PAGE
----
P.O. Box 254 | Bristol, VT 05443 | tel. (802) 453-7728 fax. (802) 453-7729
visit us: http://www.familyforests.org
CHEP Researchers & Reports
An immensely talented team of researchers has contributed to the data collected on CHEP lands since 1998. Some studies were one-time assessments—like the historical geography of the Guthrie-Bancroft parcel. Others, like the herpetological and bird inventories, occur annually.
Since its inception, the CHEP research project has steadily evolved. In 2007, CHEP established a weather station to record temperature, precipitation, and other basic atmospheric measurements. And in 2009, Marc Lapin began studying wildflower phenology (the chronology of the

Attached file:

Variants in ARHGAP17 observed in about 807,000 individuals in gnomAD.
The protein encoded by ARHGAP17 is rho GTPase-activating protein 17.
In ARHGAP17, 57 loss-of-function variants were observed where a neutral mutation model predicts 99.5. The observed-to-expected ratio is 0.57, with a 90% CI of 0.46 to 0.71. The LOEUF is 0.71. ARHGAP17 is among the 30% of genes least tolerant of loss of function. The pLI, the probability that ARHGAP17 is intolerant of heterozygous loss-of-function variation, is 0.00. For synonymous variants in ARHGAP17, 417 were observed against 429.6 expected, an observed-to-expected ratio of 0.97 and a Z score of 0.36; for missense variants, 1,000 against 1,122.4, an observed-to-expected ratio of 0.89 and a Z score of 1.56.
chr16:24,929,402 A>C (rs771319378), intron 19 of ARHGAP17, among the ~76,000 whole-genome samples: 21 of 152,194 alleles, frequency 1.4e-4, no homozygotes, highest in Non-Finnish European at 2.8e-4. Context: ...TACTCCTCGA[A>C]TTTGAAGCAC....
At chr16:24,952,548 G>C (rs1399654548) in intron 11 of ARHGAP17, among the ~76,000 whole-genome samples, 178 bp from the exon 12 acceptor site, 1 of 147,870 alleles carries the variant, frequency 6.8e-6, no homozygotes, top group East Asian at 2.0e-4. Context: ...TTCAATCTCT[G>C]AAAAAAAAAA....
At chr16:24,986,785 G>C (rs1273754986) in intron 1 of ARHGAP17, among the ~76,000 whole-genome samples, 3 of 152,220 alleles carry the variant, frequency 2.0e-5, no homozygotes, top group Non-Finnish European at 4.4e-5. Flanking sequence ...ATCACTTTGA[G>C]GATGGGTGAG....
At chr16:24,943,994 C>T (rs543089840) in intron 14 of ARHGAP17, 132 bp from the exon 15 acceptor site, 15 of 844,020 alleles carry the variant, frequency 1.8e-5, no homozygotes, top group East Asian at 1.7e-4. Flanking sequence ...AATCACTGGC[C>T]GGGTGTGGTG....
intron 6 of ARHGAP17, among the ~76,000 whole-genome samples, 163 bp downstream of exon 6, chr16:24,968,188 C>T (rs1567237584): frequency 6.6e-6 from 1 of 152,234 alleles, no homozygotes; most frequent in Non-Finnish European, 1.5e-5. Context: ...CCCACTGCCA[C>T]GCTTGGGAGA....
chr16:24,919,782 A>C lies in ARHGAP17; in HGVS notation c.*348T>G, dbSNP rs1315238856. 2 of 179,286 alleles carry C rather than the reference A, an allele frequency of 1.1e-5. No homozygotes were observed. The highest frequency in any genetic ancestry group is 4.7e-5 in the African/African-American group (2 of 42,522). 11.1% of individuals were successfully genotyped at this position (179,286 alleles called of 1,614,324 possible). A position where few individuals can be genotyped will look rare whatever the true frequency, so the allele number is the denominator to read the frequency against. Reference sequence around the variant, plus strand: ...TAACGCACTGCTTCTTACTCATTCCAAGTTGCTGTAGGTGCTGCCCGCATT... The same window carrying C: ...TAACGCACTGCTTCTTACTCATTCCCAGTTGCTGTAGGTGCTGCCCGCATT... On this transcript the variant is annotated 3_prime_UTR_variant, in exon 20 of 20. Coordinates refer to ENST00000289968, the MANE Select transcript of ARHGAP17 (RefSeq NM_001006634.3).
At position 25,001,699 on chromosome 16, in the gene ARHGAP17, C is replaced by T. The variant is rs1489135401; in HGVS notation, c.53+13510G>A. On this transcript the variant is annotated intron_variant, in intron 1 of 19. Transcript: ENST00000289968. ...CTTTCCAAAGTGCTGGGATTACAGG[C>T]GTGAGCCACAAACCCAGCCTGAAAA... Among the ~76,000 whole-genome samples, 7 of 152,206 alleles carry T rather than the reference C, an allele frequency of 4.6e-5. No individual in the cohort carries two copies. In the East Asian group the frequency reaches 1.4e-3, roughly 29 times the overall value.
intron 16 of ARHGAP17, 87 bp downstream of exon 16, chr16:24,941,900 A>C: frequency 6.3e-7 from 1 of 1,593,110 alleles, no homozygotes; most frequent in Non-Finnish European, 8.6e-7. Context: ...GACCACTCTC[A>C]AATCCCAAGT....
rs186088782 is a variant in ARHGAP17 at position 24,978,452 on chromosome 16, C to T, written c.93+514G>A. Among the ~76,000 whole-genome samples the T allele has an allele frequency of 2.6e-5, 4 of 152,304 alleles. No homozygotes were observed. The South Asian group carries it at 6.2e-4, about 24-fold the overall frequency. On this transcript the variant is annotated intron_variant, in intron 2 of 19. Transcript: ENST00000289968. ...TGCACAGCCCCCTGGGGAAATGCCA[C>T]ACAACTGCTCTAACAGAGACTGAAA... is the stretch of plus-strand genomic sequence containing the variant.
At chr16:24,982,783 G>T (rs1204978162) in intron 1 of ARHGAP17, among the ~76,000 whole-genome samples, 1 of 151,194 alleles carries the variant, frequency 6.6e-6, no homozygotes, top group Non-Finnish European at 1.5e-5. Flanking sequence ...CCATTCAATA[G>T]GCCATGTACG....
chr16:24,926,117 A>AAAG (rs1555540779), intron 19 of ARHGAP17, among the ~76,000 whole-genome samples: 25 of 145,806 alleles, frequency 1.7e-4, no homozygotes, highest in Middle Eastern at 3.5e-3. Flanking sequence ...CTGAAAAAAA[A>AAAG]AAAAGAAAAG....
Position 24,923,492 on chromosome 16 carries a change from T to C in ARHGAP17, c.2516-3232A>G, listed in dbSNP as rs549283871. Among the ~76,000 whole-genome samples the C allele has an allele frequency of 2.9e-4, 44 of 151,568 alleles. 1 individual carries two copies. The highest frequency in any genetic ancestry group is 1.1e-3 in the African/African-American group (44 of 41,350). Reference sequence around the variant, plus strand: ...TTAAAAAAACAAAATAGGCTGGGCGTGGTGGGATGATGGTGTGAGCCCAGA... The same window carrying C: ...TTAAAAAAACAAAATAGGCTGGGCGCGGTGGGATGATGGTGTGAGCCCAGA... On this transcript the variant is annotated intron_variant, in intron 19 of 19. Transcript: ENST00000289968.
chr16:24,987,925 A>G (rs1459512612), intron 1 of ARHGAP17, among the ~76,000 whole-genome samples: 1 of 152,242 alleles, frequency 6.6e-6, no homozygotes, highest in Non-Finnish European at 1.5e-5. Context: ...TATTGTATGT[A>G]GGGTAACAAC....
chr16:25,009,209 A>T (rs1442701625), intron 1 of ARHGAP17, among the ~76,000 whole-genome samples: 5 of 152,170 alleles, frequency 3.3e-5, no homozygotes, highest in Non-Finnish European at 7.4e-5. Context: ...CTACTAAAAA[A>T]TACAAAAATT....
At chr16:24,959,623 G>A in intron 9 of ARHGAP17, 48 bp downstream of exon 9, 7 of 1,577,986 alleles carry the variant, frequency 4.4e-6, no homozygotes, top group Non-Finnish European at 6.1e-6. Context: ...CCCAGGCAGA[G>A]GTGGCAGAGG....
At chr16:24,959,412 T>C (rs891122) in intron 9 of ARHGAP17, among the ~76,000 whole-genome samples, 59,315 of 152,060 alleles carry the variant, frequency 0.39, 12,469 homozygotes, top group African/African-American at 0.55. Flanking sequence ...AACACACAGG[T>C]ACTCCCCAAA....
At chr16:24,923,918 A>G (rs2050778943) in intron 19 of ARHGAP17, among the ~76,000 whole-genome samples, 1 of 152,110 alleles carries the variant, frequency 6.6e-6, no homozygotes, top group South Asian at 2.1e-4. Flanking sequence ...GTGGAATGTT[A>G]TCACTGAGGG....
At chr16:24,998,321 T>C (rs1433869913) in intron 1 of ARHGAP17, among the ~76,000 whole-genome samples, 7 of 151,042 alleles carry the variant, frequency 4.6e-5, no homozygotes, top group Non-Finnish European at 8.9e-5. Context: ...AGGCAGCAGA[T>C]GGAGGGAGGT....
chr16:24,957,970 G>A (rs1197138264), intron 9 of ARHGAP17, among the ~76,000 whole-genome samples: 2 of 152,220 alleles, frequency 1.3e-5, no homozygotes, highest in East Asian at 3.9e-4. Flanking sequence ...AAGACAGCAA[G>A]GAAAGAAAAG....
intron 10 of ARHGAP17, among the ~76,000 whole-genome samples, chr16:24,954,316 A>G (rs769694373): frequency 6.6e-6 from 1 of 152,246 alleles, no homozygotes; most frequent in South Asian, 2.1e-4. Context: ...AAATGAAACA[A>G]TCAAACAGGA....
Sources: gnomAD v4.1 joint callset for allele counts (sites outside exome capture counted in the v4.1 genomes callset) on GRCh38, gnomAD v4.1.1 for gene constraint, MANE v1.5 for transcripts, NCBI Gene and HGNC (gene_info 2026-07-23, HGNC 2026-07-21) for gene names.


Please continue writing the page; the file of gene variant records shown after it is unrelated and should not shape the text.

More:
appearance and growth of spring wildflowers). In this era of
accelerated climate change, these additions will provide information on the relationship between climate and cyclical biological phenomena.
In the table below, you can click on the researchers’ names to learn more about each of them. Click on the year listed in the right-hand column to see the report for that year and research area.
Since 1998, Warren and Barry King have conducted CHEP's bird monitoring transect. The transect is part of the statewide Forest Bird Monitoring Program of the Vermont Center for Ecostudies. The Center's 2017 report discusses trends in forest bird populations in Vermont, drawn from this data. Take a look at their report!
Marc Lapin, research team manager